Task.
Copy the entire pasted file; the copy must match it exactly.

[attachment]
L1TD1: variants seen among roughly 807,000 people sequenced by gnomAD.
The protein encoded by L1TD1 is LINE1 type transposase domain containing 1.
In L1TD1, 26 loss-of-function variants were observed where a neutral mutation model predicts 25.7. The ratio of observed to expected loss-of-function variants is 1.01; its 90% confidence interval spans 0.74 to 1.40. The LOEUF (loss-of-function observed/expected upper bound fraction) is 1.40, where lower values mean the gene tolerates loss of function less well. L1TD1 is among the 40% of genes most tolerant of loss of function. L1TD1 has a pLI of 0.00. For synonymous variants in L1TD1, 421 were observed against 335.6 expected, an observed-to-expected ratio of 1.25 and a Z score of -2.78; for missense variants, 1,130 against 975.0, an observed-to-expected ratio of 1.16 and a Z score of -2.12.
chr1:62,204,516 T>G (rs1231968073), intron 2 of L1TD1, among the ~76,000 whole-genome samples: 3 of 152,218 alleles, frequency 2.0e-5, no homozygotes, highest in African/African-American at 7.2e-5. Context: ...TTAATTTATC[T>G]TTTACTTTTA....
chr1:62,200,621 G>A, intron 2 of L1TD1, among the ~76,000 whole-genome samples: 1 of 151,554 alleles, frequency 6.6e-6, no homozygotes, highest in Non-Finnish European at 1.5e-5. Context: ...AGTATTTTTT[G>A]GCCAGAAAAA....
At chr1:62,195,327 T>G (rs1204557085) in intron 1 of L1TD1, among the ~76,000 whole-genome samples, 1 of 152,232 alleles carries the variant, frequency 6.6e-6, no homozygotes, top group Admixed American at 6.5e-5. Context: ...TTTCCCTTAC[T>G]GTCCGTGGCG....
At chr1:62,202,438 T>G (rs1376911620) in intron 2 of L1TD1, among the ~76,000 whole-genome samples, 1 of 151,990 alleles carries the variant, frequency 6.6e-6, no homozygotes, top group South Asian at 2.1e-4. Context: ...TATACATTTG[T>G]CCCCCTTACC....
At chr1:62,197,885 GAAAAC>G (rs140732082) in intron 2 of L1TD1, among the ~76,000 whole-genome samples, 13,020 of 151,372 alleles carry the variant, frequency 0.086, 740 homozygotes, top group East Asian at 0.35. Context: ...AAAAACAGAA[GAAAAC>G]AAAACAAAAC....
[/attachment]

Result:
L1TD1: variants seen among roughly 807,000 people sequenced by gnomAD.
The protein encoded by L1TD1 is LINE1 type transposase domain containing 1.
In L1TD1, 26 loss-of-function variants were observed where a neutral mutation model predicts 25.7. The ratio of observed to expected loss-of-function variants is 1.01; its 90% confidence interval spans 0.74 to 1.40. The LOEUF (loss-of-function observed/expected upper bound fraction) is 1.40, where lower values mean the gene tolerates loss of function less well. L1TD1 is among the 40% of genes most tolerant of loss of function. L1TD1 has a pLI of 0.00. For synonymous variants in L1TD1, 421 were observed against 335.6 expected, an observed-to-expected ratio of 1.25 and a Z score of -2.78; for missense variants, 1,130 against 975.0, an observed-to-expected ratio of 1.16 and a Z score of -2.12.
chr1:62,204,516 T>G (rs1231968073), intron 2 of L1TD1, among the ~76,000 whole-genome samples: 3 of 152,218 alleles, frequency 2.0e-5, no homozygotes, highest in African/African-American at 7.2e-5. Context: ...TTAATTTATC[T>G]TTTACTTTTA....
chr1:62,200,621 G>A, intron 2 of L1TD1, among the ~76,000 whole-genome samples: 1 of 151,554 alleles, frequency 6.6e-6, no homozygotes, highest in Non-Finnish European at 1.5e-5. Context: ...AGTATTTTTT[G>A]GCCAGAAAAA....
At chr1:62,195,327 T>G (rs1204557085) in intron 1 of L1TD1, among the ~76,000 whole-genome samples, 1 of 152,232 alleles carries the variant, frequency 6.6e-6, no homozygotes, top group Admixed American at 6.5e-5. Context: ...TTTCCCTTAC[T>G]GTCCGTGGCG....
At chr1:62,202,438 T>G (rs1376911620) in intron 2 of L1TD1, among the ~76,000 whole-genome samples, 1 of 151,990 alleles carries the variant, frequency 6.6e-6, no homozygotes, top group South Asian at 2.1e-4. Context: ...TATACATTTG[T>G]CCCCCTTACC....
At chr1:62,197,885 GAAAAC>G (rs140732082) in intron 2 of L1TD1, among the ~76,000 whole-genome samples, 13,020 of 151,372 alleles carry the variant, frequency 0.086, 740 homozygotes, top group East Asian at 0.35. Context: ...AAAAACAGAA[GAAAAC>G]AAAACAAAAC....